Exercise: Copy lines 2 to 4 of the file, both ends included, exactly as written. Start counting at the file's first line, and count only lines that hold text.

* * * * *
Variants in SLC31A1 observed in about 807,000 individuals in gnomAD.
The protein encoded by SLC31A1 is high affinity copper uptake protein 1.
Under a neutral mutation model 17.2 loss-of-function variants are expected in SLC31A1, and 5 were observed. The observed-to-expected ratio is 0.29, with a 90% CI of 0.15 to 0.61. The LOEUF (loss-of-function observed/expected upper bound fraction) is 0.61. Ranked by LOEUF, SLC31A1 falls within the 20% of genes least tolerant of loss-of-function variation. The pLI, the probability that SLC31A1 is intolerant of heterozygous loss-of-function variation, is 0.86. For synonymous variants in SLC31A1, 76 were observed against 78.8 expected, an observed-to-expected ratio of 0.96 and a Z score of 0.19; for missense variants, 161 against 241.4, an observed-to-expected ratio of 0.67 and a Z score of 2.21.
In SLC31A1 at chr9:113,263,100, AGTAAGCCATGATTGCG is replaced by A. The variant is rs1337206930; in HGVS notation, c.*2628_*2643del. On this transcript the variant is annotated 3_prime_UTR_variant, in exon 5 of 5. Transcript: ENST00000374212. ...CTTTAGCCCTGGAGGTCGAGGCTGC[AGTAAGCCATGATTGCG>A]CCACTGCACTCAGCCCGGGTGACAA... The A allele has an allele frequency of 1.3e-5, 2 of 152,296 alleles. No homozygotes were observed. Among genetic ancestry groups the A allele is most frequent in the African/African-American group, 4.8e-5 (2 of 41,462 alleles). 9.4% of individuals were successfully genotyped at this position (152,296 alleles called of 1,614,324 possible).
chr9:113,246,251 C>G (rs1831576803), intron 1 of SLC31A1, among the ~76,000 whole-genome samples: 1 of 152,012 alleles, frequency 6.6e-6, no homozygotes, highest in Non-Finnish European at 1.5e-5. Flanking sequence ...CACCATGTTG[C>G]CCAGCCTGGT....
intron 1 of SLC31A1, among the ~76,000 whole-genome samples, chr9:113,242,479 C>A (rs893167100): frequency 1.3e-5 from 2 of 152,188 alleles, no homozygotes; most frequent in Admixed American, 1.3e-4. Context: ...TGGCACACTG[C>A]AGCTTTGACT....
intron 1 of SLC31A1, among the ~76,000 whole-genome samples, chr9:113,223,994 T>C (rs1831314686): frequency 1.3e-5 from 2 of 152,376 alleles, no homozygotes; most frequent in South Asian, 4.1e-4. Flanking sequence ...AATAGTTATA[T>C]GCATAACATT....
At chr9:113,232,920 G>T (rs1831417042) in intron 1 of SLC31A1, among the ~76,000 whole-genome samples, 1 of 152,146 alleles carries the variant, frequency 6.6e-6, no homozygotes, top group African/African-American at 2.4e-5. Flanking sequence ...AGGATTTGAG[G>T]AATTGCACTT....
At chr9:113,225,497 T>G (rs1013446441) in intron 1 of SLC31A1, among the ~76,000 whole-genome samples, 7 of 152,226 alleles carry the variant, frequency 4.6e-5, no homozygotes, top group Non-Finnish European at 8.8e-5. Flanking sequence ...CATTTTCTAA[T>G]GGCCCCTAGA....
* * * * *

The protein encoded by SLC31A1 is high affinity copper uptake protein 1.
Under a neutral mutation model 17.2 loss-of-function variants are expected in SLC31A1, and 5 were observed. The observed-to-expected ratio is 0.29, with a 90% CI of 0.15 to 0.61. The LOEUF (loss-of-function observed/expected upper bound fraction) is 0.61. Ranked by LOEUF, SLC31A1 falls within the 20% of genes least tolerant of loss-of-function variation. The pLI, the probability that SLC31A1 is intolerant of heterozygous loss-of-function variation, is 0.86. For synonymous variants in SLC31A1, 76 were observed against 78.8 expected, an observed-to-expected ratio of 0.96 and a Z score of 0.19; for missense variants, 161 against 241.4, an observed-to-expected ratio of 0.67 and a Z score of 2.21.
In SLC31A1 at chr9:113,263,100, AGTAAGCCATGATTGCG is replaced by A. The variant is rs1337206930; in HGVS notation, c.*2628_*2643del. On this transcript the variant is annotated 3_prime_UTR_variant, in exon 5 of 5. Transcript: ENST00000374212. ...CTTTAGCCCTGGAGGTCGAGGCTGC[AGTAAGCCATGATTGCG>A]CCACTGCACTCAGCCCGGGTGACAA... The A allele has an allele frequency of 1.3e-5, 2 of 152,296 alleles. No homozygotes were observed. Among genetic ancestry groups the A allele is most frequent in the African/African-American group, 4.8e-5 (2 of 41,462 alleles). 9.4% of individuals were successfully genotyped at this position (152,296 alleles called of 1,614,324 possible).